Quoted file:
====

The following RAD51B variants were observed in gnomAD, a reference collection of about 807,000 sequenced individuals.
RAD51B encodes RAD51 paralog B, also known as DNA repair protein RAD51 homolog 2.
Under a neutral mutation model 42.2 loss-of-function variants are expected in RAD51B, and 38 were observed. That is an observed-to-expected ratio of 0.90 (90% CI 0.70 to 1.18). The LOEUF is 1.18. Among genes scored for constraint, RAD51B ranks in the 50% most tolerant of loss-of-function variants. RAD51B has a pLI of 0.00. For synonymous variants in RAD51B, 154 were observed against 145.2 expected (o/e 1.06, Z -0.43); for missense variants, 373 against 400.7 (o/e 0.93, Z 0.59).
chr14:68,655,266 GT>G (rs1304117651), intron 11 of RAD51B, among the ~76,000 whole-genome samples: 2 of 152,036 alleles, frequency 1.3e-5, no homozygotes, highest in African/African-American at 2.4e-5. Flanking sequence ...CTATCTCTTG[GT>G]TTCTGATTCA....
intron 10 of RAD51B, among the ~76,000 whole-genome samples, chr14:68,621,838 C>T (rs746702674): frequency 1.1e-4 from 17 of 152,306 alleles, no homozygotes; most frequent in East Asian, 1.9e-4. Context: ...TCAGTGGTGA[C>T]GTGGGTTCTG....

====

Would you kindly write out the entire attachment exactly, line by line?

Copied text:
The following RAD51B variants were observed in gnomAD, a reference collection of about 807,000 sequenced individuals.
RAD51B encodes RAD51 paralog B, also known as DNA repair protein RAD51 homolog 2.
Under a neutral mutation model 42.2 loss-of-function variants are expected in RAD51B, and 38 were observed. That is an observed-to-expected ratio of 0.90 (90% CI 0.70 to 1.18). The LOEUF is 1.18. Among genes scored for constraint, RAD51B ranks in the 50% most tolerant of loss-of-function variants. RAD51B has a pLI of 0.00. For synonymous variants in RAD51B, 154 were observed against 145.2 expected (o/e 1.06, Z -0.43); for missense variants, 373 against 400.7 (o/e 0.93, Z 0.59).
chr14:68,655,266 GT>G (rs1304117651), intron 11 of RAD51B, among the ~76,000 whole-genome samples: 2 of 152,036 alleles, frequency 1.3e-5, no homozygotes, highest in African/African-American at 2.4e-5. Flanking sequence ...CTATCTCTTG[GT>G]TTCTGATTCA....
intron 10 of RAD51B, among the ~76,000 whole-genome samples, chr14:68,621,838 C>T (rs746702674): frequency 1.1e-4 from 17 of 152,306 alleles, no homozygotes; most frequent in East Asian, 1.9e-4. Context: ...TCAGTGGTGA[C>T]GTGGGTTCTG....